> |     (date; dmesg ; sysctl -X; vmstat -i ) > /dev/random
> | 
> | Just playing it looks like you might get 4 so bits from the
> | rtc and clk interupt count alone.

> None.  Any data that is publically available via userland should not be
> used for cryptography.

The data from sysctl -X and vmstat -i vary quite a lot with time
and would be difficult to guess in their entrieity, even given the
their values at some later date. While any piece of data from these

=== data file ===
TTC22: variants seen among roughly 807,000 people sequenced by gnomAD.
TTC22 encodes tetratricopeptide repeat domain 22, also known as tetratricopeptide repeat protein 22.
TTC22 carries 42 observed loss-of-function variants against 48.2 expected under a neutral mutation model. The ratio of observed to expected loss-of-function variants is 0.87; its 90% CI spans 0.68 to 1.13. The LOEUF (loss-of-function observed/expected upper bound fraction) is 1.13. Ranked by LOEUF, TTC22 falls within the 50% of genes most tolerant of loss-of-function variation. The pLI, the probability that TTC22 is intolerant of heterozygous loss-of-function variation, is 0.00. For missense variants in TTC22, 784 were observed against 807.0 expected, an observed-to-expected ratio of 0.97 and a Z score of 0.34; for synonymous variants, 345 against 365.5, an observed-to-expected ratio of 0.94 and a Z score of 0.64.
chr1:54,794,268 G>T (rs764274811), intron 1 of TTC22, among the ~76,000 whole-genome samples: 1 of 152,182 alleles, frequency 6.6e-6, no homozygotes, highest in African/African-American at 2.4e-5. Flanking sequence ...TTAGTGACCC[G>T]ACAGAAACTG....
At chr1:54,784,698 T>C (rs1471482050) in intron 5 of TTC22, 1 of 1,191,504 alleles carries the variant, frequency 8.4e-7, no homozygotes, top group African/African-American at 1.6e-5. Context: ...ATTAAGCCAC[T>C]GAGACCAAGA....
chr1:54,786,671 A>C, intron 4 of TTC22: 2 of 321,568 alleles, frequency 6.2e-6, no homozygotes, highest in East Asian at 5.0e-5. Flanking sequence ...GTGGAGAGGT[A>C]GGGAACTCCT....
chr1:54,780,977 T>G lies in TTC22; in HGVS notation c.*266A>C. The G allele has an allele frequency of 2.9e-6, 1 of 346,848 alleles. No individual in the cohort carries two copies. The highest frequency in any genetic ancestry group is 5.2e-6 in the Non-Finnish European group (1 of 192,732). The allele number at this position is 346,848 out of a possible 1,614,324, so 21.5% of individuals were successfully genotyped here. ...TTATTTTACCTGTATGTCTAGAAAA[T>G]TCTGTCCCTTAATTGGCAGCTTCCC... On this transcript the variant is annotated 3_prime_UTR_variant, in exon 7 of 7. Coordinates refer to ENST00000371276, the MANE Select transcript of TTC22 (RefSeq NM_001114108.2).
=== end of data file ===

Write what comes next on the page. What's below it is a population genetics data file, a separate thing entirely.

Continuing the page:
commands isn't hard to guess, the idea is to take a few bits of
each of them.

I don't claim this produces hundreds of bits of entropy, but I'd
expect it to produce ten or twenty bits, even if you are given the
output of these from some stage shortly in the future.

I note from Mark's comments that writing stuff to /dev/random
doesn't change /dev/random's notion of how much entropy it has,
but does reseed the generator - so what we're talking about here
is the entropy of the seed - or how difficult to guess it is. He
does mention a very similar way of reseeding to the above:

        (ps -gauxwww; netstat -an; dmesg; vmstat -c10 1) > /dev/random


To Unsubscribe: send mail to [EMAIL PROTECTED]
with "unsubscribe freebsd-current" in the body of the message

Reply via email to